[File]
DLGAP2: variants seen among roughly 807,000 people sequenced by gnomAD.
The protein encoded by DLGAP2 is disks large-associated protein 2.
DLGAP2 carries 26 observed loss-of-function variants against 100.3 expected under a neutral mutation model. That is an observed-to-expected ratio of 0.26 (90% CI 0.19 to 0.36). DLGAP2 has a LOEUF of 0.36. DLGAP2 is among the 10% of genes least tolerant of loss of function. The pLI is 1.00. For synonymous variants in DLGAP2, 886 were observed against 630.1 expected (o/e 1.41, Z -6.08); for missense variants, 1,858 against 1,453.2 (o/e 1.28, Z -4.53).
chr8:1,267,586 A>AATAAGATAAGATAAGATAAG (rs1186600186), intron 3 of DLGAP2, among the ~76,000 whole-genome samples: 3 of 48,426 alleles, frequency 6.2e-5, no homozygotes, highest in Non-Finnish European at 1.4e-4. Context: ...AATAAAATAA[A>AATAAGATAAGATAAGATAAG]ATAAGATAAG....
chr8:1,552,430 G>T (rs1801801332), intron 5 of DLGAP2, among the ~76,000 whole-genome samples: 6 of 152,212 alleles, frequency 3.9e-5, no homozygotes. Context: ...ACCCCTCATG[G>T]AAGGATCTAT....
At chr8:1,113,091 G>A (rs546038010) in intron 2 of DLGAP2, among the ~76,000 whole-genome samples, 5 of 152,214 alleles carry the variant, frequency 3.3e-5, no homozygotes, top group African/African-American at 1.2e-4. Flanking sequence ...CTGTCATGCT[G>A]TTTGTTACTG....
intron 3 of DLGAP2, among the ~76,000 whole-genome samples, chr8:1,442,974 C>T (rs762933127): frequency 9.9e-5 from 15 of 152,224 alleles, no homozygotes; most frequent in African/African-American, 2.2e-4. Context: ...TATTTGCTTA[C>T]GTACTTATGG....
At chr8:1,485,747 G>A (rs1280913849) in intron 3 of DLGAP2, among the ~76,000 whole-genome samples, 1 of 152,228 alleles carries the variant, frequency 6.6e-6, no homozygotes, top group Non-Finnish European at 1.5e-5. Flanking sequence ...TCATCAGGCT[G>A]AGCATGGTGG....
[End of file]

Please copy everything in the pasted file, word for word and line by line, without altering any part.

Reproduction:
DLGAP2: variants seen among roughly 807,000 people sequenced by gnomAD.
The protein encoded by DLGAP2 is disks large-associated protein 2.
DLGAP2 carries 26 observed loss-of-function variants against 100.3 expected under a neutral mutation model. That is an observed-to-expected ratio of 0.26 (90% CI 0.19 to 0.36). DLGAP2 has a LOEUF of 0.36. DLGAP2 is among the 10% of genes least tolerant of loss of function. The pLI is 1.00. For synonymous variants in DLGAP2, 886 were observed against 630.1 expected (o/e 1.41, Z -6.08); for missense variants, 1,858 against 1,453.2 (o/e 1.28, Z -4.53).
chr8:1,267,586 A>AATAAGATAAGATAAGATAAG (rs1186600186), intron 3 of DLGAP2, among the ~76,000 whole-genome samples: 3 of 48,426 alleles, frequency 6.2e-5, no homozygotes, highest in Non-Finnish European at 1.4e-4. Context: ...AATAAAATAA[A>AATAAGATAAGATAAGATAAG]ATAAGATAAG....
chr8:1,552,430 G>T (rs1801801332), intron 5 of DLGAP2, among the ~76,000 whole-genome samples: 6 of 152,212 alleles, frequency 3.9e-5, no homozygotes. Context: ...ACCCCTCATG[G>T]AAGGATCTAT....
At chr8:1,113,091 G>A (rs546038010) in intron 2 of DLGAP2, among the ~76,000 whole-genome samples, 5 of 152,214 alleles carry the variant, frequency 3.3e-5, no homozygotes, top group African/African-American at 1.2e-4. Flanking sequence ...CTGTCATGCT[G>A]TTTGTTACTG....
intron 3 of DLGAP2, among the ~76,000 whole-genome samples, chr8:1,442,974 C>T (rs762933127): frequency 9.9e-5 from 15 of 152,224 alleles, no homozygotes; most frequent in African/African-American, 2.2e-4. Context: ...TATTTGCTTA[C>T]GTACTTATGG....
At chr8:1,485,747 G>A (rs1280913849) in intron 3 of DLGAP2, among the ~76,000 whole-genome samples, 1 of 152,228 alleles carries the variant, frequency 6.6e-6, no homozygotes, top group Non-Finnish European at 1.5e-5. Flanking sequence ...TCATCAGGCT[G>A]AGCATGGTGG....